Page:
Originally, Sowell cut everything himself. Over the years, however, his growing cooperation with the caretakers who supply palm led him to focus more on preparing palms for church supply dealers and for shipment.

Cooperation with ranchers and landowners is critical. Sowell says the process of cutting, cleaning and preparing the strips of palm is incredibly labor intensive, and he could not complete it without local partnerships. “There’s no way that you could grow this much palm and just do it (alone). It’s hard.”

The work is so intensive that the Palm Sunday celebrations require an entire year’s work. “We work twelve months out of the year, in one aspect or another, for one day,” Sowell said.

He also supplies palm leaves for Eastern Orthodox Churches, which use a different calendar for Easter and Lent. After the celebration of Palm Sunday in the Catholic Church and other Western churches, “we’ll turn around in a couple of weeks and gather more palms so they’re fresh for the Orthodox,” he said.

The participation of Christians in Palm Sunday celebrations not only provides work and a living for Sowell and his employees, but financial support for the local ranchers who work with him.

“There are so many families that help us that can earn money in a way that otherwise they couldn’t.”

Ultimately, Sowell sees his job harvesting and preparing palm leaves – and the service he is able to offer to parishes across the country – as a blessing.

“There would have been no way we could have done this if it hadn’t been for God helping us,” he said.

 

This article was originally published on CNA March 16, 2016.

Georgetown students vote to compensate descendants of Jesuit-sold slaves

Fri, 04/12/2019 - 19:54

Washington D.C., Apr 12, 2019 / 05:54 pm (CNA).- Students at Georgetown University voted overwhelmingly on Thursday to pass a referendum that would create a new student fee each semester in order to create programming benefiting the descendants of the 272 slaves the Maryland Province of Jesuits sold in 1838.

“The results of the referendum are as follows: 66.08% for yes (2541 votes), 33.92% for no (1304 votes). This means that the referendum passes,” tweeted the Georgetown University Students Association Election Commission on Thursday evening.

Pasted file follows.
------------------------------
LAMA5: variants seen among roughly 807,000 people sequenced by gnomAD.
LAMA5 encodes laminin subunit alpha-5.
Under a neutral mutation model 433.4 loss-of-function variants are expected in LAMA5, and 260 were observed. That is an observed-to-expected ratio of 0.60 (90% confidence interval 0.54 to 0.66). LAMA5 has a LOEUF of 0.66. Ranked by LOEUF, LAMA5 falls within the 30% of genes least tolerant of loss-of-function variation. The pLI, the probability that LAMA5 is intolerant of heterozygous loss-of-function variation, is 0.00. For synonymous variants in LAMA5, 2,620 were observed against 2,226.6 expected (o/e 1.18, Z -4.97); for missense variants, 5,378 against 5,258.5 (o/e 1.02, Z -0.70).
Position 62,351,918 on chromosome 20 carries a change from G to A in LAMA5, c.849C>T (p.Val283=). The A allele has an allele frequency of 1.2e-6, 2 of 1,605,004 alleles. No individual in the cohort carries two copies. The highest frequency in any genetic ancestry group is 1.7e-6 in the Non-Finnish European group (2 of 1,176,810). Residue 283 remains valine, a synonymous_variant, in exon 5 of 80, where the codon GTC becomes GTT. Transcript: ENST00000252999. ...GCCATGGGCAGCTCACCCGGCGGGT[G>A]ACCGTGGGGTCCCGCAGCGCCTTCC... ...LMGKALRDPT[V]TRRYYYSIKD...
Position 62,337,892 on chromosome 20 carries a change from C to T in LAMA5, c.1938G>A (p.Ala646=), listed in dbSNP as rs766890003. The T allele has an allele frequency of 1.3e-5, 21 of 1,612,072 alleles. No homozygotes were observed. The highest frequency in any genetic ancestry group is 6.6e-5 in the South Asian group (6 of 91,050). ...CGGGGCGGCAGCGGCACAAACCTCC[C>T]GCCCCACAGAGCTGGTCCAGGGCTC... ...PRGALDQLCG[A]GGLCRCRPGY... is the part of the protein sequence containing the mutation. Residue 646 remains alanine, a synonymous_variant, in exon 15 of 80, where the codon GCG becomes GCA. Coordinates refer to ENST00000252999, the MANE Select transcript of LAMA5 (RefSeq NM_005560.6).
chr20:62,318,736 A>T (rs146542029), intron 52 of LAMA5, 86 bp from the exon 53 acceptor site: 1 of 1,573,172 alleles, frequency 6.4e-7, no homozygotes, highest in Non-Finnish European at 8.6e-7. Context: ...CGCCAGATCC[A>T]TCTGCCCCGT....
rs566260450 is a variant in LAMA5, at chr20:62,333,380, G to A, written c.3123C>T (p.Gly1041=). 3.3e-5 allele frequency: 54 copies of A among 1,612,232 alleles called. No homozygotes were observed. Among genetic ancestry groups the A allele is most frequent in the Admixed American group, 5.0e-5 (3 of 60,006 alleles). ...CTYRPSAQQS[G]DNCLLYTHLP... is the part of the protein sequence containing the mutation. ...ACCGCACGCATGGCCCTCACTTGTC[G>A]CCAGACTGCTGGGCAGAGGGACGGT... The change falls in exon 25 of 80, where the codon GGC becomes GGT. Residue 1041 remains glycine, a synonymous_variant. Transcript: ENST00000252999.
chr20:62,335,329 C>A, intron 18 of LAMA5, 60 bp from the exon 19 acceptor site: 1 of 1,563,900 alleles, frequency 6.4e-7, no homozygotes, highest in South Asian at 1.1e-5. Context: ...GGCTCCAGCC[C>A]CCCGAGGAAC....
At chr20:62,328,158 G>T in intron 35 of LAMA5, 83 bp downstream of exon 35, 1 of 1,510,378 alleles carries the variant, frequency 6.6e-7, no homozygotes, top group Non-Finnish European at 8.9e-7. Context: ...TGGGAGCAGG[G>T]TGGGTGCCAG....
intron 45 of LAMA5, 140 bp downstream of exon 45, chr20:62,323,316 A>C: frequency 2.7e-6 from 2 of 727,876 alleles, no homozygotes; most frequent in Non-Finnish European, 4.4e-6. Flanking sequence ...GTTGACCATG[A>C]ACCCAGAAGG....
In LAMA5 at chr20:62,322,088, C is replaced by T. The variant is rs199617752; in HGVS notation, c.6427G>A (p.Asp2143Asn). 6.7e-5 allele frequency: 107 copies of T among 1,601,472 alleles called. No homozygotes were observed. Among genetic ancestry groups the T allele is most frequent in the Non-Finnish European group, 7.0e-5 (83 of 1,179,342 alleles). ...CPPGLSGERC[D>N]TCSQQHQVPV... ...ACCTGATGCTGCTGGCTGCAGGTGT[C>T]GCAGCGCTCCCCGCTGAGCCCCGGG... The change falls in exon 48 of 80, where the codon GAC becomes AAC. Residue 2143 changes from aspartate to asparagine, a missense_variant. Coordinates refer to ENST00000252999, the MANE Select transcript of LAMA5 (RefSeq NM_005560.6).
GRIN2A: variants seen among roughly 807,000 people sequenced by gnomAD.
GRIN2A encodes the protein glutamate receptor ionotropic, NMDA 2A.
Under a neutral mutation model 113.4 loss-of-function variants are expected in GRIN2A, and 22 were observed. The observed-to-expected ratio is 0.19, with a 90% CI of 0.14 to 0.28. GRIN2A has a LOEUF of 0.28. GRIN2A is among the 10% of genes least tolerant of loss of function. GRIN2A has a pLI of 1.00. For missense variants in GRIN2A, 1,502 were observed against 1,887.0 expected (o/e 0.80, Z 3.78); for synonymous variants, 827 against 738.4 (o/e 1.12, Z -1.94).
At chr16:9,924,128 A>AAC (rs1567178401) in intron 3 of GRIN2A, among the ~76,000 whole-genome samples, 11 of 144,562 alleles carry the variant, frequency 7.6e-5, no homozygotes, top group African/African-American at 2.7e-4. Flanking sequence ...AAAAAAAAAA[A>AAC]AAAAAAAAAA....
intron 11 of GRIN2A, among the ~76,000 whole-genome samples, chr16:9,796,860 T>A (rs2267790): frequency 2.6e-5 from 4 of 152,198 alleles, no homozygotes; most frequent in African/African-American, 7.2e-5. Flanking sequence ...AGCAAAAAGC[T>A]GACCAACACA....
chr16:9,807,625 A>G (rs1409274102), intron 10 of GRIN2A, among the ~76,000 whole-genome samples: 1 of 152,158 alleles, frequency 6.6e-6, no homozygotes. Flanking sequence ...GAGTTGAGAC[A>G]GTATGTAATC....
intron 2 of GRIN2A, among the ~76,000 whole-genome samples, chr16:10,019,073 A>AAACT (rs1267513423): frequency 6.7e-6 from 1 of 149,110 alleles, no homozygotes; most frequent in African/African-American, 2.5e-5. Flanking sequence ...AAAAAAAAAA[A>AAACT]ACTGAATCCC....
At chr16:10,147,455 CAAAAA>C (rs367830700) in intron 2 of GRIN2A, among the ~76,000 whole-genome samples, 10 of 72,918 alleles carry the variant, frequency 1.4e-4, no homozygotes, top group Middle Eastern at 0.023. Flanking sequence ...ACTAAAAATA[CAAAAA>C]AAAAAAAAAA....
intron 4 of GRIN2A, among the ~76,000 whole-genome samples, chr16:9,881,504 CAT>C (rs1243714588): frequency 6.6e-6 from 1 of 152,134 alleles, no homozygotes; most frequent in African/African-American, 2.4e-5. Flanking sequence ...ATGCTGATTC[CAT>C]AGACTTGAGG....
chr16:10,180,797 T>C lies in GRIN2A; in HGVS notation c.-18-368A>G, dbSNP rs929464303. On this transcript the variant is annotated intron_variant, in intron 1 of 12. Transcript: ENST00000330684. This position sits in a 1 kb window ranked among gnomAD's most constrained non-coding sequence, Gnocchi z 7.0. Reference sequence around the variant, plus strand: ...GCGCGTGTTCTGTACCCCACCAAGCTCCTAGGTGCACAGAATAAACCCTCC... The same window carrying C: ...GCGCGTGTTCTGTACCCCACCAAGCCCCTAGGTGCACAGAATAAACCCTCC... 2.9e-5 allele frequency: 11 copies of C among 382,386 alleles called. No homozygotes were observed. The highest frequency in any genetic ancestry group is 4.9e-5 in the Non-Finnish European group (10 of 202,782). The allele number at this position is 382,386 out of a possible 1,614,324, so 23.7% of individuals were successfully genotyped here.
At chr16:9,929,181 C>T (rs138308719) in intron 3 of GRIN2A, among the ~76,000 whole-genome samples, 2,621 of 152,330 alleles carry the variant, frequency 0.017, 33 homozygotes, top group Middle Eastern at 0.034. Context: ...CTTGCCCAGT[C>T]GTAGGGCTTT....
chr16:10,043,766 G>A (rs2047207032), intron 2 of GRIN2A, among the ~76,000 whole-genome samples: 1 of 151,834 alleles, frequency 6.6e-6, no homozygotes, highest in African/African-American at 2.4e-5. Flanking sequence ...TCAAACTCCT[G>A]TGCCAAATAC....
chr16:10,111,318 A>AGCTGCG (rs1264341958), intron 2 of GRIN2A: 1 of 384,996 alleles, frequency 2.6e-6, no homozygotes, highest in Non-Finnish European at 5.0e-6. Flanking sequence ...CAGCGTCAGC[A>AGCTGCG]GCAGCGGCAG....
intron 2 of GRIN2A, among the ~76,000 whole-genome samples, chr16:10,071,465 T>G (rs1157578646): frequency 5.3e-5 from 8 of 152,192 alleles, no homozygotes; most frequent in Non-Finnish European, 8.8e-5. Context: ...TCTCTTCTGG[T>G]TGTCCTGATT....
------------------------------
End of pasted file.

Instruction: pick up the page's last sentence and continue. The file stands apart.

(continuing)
According to the GUSA Election Commission, 57.9% of Georgetown students voted in the election.

The money raised by the fee would “be allocated for charitable purposes directly benefiting the descendants of the GU272 and other persons once enslaved by the Maryland Jesuits,” according to the text of the referendum.

The fee would be $27.70 per semester. If the fee were to be implemented, it would raise over $400,000 a year from undergraduate students. The fee cannot be officially created until it is approved by Georgetown University’s board of trustees.

The referendum question was sponsored by the GU272 Advocacy Team, which is named after the 272 slaves who were sold to Louisiana. The sale of the slaves earned the province about $500,000 in 2019 money, and was able to keep the province out of bankruptcy at the time.

A statement released by the Dr. Told Olson, Georgetown University’s vice president for student affairs, reiterated the steps previously taken by the school to atone for the sale of slaves, but did not fully endorse the new fee.

“We value the engagement of our students and appreciate that they are making their voices heard and contributing to an important national conversation. Any student referendum provides a sense of the student body’s views on an issue,” said Olson.

“Student referendums help to express important student perspectives but do not create university policy and are not binding on the university.”

Olson said that even if the fee were not enacted, the school would work to develop programming that would allow for Georgetown students to “meaningfully engage with Georgetown’s history of slavery and support opportunities for collaboration between students and Descendants.”

This referendum comes nearly four years after Georgetown convened the Working Group on Slavery, Memory and Reconciliation. The group released its final report on recommendations to the school in the summer of 2016, and suggested, among other things, an apology, the renaming of buildings, the creation of a memorial, and the creation of some sort form of financial reparations.